C. Achutha Menon
C.Achutha Menon (1913-1991), one of Kerala’s early Chief Ministers, has been described as representing socialism with a human face and a human heart, a sensitive humanist avoiding dogmatic theorising. A native of Thrissur, Menon excelled in his studies, including his final degree in law. In the late 1930s, his concern for the quality of everyday life lead to becoming a political worker eventually rising to Chief Minister for an initial period of less than a year and then nearly seven years service in the 1970s.
Menon realised the importance of science and technology as tools for societal improvement and with characteristic professionalism and administrative efficiency, he initiated the following institutions: the Centre for Development Studies (CDS), the Centre for Earth Science Studies (CESS), the Centre for Water Resources Development and Management, the Forest Research Institute, Sri Chitra Tirunal Institute for Medical Science & Technology, the Kerala State Electronic Development Corporation, and the Centre of Science and Technology for Rural Development (COSTFORD). These institutions, along with prior government’s effecting major land reform measures and
emphasis on basic components such as education and health care, constitute Kerala’s unique strength.
Sustainability and green building are now catchwords of the 21st century, but architect Laurie Baker (1917-2007) was living these concepts at the inception of WWII in China and eventually during his six decades in India. Baker operated more as a master builder with affinity for hands-on involvement at sites rather than an office-confined architect. He was also a talented artist and cartoonist with a ready wit and willingness to expose nonsense in the building world and, indeed, the world in general.
A testament to his success is the continued existence of COSTFORD and the thousands of Baker-inspired buildings – public and private – continuing to be built. COSTFORD’s cost-effective architecture now carries forward the philosophical and technological heritage crafted by Baker. His last project in Vilappilsala now houses the Laurie Baker Centre for Habitat Studies providing both hands-on training in the building technologies he promoted and professional training in his design and construction philosophy for architects and those interested in alternative ways to craft built environments.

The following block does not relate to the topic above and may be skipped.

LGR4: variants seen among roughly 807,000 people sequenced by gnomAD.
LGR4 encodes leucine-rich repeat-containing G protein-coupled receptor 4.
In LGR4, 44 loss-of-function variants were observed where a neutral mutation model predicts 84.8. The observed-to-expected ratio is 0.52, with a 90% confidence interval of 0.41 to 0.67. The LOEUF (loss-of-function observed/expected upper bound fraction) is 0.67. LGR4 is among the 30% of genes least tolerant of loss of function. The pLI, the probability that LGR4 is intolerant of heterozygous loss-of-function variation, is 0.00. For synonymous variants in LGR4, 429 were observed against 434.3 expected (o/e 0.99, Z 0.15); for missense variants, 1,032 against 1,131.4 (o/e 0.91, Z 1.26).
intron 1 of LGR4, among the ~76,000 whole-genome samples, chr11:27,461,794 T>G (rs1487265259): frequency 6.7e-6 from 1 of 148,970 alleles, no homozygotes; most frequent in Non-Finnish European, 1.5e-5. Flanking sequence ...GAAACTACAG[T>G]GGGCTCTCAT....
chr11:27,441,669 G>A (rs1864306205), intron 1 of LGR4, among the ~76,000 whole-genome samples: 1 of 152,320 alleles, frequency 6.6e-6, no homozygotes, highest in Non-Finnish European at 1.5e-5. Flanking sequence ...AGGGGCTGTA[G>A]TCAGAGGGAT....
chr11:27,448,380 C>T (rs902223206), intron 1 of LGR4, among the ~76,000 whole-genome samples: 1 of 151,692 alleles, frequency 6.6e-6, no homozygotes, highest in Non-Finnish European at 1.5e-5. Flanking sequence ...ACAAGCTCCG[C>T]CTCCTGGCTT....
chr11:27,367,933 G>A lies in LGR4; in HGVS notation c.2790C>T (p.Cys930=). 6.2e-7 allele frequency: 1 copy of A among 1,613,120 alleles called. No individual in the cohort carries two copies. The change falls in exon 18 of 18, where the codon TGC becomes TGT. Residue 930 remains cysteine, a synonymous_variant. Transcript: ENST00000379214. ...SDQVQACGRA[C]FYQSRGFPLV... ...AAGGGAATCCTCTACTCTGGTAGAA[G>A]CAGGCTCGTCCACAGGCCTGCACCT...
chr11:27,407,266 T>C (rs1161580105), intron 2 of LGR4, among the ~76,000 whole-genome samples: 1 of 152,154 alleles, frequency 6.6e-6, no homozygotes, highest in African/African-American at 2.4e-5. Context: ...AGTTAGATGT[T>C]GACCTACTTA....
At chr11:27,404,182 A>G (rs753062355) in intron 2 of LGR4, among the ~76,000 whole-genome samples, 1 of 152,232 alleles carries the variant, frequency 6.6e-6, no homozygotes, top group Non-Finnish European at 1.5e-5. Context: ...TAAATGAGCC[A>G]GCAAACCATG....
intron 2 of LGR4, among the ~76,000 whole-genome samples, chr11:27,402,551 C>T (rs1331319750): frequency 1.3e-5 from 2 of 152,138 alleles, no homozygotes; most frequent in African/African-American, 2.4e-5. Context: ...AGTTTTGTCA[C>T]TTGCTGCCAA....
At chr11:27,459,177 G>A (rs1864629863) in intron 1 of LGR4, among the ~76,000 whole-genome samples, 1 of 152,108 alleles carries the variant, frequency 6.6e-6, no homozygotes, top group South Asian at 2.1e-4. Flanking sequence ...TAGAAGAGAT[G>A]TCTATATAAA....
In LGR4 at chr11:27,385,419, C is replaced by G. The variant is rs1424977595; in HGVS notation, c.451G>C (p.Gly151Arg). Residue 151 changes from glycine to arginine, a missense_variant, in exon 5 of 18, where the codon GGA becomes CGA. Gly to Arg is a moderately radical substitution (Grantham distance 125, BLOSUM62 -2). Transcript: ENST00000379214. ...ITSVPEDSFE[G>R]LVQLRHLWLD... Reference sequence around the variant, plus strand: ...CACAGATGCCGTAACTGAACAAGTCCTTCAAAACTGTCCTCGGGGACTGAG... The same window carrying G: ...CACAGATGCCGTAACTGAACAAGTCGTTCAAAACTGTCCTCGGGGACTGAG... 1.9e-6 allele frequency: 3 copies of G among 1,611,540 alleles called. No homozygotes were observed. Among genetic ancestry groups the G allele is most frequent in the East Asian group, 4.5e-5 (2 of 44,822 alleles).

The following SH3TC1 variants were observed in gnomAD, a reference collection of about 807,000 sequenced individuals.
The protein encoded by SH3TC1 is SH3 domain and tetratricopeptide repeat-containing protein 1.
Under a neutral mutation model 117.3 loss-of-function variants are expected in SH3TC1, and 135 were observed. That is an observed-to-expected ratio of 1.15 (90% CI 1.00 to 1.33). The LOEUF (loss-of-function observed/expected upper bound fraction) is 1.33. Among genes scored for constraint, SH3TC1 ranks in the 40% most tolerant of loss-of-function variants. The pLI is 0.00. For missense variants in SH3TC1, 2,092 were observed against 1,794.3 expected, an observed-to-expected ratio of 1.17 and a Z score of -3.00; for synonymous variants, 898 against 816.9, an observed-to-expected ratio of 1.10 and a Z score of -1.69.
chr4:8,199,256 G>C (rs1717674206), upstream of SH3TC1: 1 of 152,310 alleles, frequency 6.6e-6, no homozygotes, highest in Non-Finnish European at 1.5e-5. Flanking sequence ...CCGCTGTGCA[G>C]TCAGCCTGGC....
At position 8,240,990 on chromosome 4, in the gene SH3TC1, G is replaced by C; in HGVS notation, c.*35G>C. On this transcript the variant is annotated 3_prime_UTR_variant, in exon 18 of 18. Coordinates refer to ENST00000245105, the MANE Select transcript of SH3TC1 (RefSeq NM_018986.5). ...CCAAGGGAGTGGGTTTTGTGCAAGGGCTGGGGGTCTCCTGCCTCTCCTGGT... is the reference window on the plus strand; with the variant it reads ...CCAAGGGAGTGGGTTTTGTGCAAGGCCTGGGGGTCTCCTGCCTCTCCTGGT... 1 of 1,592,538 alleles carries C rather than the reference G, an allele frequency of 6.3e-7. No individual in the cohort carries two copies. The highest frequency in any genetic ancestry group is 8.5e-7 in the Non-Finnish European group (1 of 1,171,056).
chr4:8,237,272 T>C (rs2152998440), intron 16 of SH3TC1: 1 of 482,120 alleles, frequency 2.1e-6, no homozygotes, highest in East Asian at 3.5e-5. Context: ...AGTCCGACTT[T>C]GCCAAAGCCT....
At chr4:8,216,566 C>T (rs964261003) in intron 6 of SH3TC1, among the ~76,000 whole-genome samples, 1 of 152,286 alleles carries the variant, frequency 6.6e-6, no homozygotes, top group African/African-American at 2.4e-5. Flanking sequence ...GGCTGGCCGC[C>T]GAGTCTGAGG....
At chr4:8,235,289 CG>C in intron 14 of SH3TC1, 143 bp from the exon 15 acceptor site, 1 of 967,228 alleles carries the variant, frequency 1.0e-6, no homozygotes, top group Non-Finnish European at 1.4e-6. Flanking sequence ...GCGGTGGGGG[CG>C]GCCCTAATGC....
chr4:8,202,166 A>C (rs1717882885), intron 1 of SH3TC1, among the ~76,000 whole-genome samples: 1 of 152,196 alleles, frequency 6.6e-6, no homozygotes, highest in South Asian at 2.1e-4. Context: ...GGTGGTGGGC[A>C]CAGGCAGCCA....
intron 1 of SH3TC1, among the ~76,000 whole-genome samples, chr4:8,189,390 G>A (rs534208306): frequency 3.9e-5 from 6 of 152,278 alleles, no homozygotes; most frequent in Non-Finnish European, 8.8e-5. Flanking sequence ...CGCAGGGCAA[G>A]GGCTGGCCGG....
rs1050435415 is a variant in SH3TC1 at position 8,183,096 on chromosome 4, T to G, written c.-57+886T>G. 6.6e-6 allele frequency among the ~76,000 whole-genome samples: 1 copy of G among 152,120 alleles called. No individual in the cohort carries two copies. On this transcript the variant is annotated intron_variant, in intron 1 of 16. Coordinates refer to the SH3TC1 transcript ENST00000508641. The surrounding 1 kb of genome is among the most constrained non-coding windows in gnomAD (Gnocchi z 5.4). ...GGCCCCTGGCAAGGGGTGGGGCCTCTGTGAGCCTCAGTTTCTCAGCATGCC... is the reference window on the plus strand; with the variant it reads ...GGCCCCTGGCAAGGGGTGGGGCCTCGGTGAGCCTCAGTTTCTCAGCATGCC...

Further details on Baker’s life and work are available in the Laurie Baker section of this website and –also at the Baker family website www.lauriebaker.net.
K. N. Raj
K.N. Raj (1924-2010) as teacher, researcher, and institution founder, represents one of the last of the great nation-builders of independent India. In 1947, this native of Thrissur was awarded a Ph.D. in Economics from the London School of Economics at age 23. He served as a member of Prime Minister Nehru’s Economic Advisory Council, Professor of Economics at Delhi University (establishing the Delhi School of Economics), and Vice-Chancellor.
Raj spent the last four decades of his life in Kerala. In 1970, he helped establish the Centre for Development Studies (CDS) selecting architect Laurie Baker to design and supervise the evolution of the 10-acre campus as an embodiment of cost-effective, environmentally sensitive architecture. In 1985, Raj and Baker were two of the founders of the Centre of Science and Technology for Rural Development (COSTFORD) providing training in the use of alternative, cost-effective architecture blending Gandhian philosophy and principles of socialism.
T. R. Chandradutt
T.R. Chandradutt (b. 1944) is one of the original founders of COSTFORD and has been serving as a Director, since the organisation was started in 1985. Trained formally in electrical engineering, Sri. Chandradutt’s career evolved beyond teaching at the Government Polytechnic Institute into the realm of social activism. In the early 1980s, it was C. Achutha Menon and Chandradutt who envisioned what soon became the Centre of Science and Technology for Rural Development. It was the strength of both men’s vision and commitment to using science and technology as a tool for societal betterment and their skill in inspiring others to join that is a testament to the lasting appeal of COSTFORD’s mission. Sri. Chandradutt brings decades of experience and creativity in addressing the challenges of effecting change in society.
K.K. Subrahmanian, (1933-2009), though not an original founder of COSTFORD, was nevertheless a key figure in its development and assumed the role of Vice Chairman in 1992. A native of Thrissur, Dr. Subrahmanian achieved his doctoral degree in Economics from the University of Bombay and eventually joined the Centre for Development Studies, retiring in 1994. Besides his role as an academic engaging in a teaching and advisory capacity, Dr. Subrahmanian also served as a consultant to a variety of government and non-government entities at the state, national, and international levels. His areas of extensive research included international economics, technology transfer and development, regional economics, labour economics, and science and technology policy analysis. His high degree of professionalism and good humour were highly prized by COSTFORD as it focused on its mission of societal improvement.
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